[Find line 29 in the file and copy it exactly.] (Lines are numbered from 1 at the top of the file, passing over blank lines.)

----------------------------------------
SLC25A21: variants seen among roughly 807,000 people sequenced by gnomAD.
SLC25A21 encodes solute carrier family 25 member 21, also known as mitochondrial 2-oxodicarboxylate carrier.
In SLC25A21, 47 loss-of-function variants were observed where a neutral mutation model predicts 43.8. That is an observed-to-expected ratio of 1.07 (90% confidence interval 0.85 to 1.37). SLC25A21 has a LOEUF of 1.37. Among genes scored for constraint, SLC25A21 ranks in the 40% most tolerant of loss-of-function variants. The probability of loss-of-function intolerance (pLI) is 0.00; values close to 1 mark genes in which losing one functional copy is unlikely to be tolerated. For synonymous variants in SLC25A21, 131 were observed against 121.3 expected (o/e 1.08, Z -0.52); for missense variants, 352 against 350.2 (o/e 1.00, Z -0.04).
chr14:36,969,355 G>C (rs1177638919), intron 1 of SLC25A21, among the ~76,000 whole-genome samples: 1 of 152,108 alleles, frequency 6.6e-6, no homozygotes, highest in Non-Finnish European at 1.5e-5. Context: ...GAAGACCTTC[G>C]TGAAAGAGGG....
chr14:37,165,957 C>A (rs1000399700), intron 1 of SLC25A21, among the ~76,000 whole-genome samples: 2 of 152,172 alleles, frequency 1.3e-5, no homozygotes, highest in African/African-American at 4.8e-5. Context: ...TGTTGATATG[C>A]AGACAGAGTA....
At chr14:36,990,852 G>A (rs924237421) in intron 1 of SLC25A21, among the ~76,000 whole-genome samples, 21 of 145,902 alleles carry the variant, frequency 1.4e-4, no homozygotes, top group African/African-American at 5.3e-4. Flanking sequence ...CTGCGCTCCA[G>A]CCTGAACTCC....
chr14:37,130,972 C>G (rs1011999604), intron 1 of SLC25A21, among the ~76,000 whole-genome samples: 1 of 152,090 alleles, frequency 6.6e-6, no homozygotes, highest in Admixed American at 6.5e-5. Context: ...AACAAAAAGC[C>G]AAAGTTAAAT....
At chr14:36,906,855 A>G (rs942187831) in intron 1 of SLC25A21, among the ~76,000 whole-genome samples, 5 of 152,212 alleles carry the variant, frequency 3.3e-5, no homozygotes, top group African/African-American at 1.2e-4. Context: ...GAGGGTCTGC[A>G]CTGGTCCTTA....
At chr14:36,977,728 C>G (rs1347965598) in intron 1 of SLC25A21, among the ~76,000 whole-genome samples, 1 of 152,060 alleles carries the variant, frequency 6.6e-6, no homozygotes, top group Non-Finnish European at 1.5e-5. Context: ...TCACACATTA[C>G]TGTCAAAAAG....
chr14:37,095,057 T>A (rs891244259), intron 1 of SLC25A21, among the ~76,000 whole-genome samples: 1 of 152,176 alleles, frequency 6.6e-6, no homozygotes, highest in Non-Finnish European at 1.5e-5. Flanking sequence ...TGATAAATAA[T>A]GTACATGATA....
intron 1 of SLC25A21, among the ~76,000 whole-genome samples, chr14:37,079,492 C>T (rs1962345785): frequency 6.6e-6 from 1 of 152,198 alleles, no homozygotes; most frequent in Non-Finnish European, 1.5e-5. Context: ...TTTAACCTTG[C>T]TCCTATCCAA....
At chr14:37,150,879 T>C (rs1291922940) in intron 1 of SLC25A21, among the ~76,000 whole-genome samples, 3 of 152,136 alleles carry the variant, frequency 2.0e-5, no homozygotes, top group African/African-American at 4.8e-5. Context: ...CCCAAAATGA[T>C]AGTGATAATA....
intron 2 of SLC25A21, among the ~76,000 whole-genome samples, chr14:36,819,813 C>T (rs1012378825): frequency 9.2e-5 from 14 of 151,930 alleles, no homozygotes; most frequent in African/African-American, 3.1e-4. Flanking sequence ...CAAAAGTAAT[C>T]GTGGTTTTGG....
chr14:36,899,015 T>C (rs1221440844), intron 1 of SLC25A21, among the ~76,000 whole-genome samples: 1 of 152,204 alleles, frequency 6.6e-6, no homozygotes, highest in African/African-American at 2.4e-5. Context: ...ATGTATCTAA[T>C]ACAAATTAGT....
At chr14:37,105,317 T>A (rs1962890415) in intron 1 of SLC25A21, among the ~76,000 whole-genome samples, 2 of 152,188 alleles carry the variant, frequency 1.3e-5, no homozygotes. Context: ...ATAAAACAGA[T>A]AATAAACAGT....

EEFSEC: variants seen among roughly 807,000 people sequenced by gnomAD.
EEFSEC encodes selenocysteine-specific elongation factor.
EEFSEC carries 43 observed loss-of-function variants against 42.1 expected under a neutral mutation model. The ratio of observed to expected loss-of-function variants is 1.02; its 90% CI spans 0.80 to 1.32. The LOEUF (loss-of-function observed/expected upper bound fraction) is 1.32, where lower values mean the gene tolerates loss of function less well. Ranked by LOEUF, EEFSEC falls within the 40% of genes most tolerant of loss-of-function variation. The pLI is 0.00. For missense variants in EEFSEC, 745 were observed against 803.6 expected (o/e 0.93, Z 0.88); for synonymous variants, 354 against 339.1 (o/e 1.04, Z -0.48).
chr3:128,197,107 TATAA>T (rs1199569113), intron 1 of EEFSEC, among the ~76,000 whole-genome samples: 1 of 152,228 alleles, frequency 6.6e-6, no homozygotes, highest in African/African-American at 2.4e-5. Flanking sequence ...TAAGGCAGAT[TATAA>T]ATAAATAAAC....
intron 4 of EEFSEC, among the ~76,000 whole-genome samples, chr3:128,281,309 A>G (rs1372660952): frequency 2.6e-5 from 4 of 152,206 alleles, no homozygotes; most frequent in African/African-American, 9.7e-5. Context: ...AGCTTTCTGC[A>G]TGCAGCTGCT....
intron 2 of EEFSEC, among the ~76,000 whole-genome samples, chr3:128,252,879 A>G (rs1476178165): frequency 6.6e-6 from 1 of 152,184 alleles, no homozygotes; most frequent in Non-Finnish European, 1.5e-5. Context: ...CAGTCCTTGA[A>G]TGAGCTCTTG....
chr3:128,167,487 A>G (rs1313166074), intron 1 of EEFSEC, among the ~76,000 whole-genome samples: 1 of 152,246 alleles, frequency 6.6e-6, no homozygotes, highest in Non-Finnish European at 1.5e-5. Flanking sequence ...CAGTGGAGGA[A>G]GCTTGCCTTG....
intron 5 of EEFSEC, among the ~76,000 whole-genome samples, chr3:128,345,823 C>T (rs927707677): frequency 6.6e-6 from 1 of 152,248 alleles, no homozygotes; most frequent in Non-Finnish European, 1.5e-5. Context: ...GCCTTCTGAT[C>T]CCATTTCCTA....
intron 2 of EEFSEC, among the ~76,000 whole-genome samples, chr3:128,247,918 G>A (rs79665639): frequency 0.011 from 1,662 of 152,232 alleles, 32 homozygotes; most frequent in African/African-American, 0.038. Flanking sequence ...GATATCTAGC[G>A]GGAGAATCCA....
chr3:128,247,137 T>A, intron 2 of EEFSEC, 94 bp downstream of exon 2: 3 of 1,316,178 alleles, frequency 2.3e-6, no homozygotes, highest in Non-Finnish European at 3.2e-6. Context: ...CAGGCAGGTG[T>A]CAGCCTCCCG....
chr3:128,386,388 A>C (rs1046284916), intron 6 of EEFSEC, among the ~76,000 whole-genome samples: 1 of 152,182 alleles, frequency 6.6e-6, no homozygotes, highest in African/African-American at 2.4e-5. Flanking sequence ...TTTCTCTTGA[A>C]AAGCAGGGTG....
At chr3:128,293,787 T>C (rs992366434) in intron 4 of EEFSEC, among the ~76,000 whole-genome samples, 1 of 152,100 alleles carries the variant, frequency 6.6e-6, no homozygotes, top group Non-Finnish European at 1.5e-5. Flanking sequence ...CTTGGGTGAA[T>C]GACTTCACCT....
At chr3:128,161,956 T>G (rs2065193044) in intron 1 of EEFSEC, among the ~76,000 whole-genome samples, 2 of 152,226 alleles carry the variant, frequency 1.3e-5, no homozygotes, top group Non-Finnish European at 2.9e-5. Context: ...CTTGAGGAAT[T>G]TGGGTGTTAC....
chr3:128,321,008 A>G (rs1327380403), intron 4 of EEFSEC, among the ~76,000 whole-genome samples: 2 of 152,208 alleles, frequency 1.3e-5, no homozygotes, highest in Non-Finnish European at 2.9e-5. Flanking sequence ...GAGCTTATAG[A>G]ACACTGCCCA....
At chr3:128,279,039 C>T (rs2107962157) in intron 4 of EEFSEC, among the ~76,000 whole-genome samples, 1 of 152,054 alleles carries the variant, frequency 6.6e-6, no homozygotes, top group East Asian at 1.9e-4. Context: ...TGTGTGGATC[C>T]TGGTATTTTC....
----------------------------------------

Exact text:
chr3:128,321,008 A>G (rs1327380403), intron 4 of EEFSEC, among the ~76,000 whole-genome samples: 2 of 152,208 alleles, frequency 1.3e-5, no homozygotes, highest in Non-Finnish European at 2.9e-5. Flanking sequence ...GAGCTTATAG[A>G]ACACTGCCCA....